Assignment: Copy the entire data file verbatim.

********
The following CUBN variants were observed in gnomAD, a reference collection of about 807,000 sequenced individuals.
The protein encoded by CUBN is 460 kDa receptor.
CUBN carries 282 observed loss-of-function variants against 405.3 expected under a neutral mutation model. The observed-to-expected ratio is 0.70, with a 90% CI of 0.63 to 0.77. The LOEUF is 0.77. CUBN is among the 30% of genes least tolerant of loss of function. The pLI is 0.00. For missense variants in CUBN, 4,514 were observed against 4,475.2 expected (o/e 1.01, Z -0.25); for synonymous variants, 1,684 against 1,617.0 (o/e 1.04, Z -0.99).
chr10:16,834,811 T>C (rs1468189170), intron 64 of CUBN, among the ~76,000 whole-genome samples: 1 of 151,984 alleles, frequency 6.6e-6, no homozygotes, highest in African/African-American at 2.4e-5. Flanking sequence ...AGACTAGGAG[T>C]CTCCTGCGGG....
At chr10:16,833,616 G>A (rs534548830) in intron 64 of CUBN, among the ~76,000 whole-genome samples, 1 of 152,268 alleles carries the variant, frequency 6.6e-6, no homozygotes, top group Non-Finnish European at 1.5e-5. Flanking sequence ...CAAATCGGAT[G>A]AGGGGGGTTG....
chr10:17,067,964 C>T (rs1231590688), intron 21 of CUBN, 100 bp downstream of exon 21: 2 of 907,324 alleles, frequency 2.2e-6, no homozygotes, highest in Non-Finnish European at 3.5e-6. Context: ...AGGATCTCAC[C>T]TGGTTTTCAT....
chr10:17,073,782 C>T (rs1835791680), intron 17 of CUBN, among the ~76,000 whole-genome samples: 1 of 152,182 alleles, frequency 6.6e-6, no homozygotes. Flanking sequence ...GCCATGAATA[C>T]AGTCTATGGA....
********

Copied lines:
The following CUBN variants were observed in gnomAD, a reference collection of about 807,000 sequenced individuals.
The protein encoded by CUBN is 460 kDa receptor.
CUBN carries 282 observed loss-of-function variants against 405.3 expected under a neutral mutation model. The observed-to-expected ratio is 0.70, with a 90% CI of 0.63 to 0.77. The LOEUF is 0.77. CUBN is among the 30% of genes least tolerant of loss of function. The pLI is 0.00. For missense variants in CUBN, 4,514 were observed against 4,475.2 expected (o/e 1.01, Z -0.25); for synonymous variants, 1,684 against 1,617.0 (o/e 1.04, Z -0.99).
chr10:16,834,811 T>C (rs1468189170), intron 64 of CUBN, among the ~76,000 whole-genome samples: 1 of 151,984 alleles, frequency 6.6e-6, no homozygotes, highest in African/African-American at 2.4e-5. Flanking sequence ...AGACTAGGAG[T>C]CTCCTGCGGG....
At chr10:16,833,616 G>A (rs534548830) in intron 64 of CUBN, among the ~76,000 whole-genome samples, 1 of 152,268 alleles carries the variant, frequency 6.6e-6, no homozygotes, top group Non-Finnish European at 1.5e-5. Flanking sequence ...CAAATCGGAT[G>A]AGGGGGGTTG....
chr10:17,067,964 C>T (rs1231590688), intron 21 of CUBN, 100 bp downstream of exon 21: 2 of 907,324 alleles, frequency 2.2e-6, no homozygotes, highest in Non-Finnish European at 3.5e-6. Context: ...AGGATCTCAC[C>T]TGGTTTTCAT....
chr10:17,073,782 C>T (rs1835791680), intron 17 of CUBN, among the ~76,000 whole-genome samples: 1 of 152,182 alleles, frequency 6.6e-6, no homozygotes. Flanking sequence ...GCCATGAATA[C>T]AGTCTATGGA....